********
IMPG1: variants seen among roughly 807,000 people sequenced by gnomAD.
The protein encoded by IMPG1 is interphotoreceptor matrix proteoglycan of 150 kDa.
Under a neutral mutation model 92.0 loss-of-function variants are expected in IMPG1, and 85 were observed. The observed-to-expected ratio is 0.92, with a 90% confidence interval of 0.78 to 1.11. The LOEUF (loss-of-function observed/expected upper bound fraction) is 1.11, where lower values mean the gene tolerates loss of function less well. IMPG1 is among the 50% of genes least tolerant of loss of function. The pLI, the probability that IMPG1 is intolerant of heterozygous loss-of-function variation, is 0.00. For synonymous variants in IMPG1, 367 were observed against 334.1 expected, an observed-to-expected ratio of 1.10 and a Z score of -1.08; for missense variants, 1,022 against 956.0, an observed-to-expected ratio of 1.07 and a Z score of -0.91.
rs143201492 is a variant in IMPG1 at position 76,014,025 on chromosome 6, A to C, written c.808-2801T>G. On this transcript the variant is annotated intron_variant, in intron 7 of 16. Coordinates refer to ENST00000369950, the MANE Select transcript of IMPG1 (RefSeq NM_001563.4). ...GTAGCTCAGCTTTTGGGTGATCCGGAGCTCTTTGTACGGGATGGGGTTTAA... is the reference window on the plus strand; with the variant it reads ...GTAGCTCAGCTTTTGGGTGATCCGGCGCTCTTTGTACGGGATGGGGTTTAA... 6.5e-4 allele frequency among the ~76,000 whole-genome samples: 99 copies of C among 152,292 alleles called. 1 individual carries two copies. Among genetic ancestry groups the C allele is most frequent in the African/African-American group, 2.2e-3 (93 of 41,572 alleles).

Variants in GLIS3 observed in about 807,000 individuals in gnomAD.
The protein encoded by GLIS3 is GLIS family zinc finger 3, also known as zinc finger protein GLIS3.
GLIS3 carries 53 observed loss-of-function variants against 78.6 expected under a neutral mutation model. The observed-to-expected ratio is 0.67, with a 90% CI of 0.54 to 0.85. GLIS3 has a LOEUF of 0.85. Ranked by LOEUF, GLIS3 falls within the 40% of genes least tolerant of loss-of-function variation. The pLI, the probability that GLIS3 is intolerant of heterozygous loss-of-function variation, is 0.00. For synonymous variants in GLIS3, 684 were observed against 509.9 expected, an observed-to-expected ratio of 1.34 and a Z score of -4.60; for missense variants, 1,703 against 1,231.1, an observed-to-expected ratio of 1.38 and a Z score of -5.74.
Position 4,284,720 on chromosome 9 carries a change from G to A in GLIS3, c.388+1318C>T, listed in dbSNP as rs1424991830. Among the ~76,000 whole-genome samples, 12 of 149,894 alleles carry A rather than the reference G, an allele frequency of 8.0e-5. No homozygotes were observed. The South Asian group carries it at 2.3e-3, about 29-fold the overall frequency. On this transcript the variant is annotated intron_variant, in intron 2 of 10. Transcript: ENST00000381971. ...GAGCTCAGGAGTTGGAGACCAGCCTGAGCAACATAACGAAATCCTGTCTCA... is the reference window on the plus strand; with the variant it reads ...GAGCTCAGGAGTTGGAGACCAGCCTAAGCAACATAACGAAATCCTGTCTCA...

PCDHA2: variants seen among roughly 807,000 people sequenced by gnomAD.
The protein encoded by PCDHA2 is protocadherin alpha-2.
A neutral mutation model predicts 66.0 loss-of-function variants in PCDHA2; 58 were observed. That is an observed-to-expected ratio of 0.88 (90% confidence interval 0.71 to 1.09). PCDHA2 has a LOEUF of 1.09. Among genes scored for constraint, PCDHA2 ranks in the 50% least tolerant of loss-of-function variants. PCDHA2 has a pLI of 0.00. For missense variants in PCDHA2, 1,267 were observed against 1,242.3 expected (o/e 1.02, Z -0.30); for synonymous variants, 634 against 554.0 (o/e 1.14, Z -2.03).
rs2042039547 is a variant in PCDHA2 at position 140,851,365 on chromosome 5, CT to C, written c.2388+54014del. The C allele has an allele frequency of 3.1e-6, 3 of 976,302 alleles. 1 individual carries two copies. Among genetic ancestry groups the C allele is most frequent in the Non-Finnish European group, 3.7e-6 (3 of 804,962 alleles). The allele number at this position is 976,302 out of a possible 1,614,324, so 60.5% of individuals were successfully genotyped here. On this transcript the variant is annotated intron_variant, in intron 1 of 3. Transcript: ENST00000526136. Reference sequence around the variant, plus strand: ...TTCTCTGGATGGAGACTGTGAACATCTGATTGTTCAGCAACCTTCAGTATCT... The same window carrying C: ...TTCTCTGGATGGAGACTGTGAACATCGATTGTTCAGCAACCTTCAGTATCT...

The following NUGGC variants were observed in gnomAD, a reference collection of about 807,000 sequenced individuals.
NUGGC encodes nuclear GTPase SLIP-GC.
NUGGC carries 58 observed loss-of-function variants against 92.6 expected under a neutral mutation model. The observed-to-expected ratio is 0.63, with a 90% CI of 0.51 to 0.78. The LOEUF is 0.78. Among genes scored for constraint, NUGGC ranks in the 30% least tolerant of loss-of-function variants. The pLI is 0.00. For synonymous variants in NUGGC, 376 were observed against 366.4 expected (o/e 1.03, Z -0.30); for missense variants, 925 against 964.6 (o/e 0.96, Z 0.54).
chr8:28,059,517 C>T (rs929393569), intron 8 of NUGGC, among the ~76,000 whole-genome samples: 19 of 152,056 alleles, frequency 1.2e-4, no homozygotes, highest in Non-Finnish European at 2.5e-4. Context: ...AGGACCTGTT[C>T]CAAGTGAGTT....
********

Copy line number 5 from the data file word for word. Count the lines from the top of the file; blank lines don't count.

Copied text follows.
Variants in GLIS3 observed in about 807,000 individuals in gnomAD.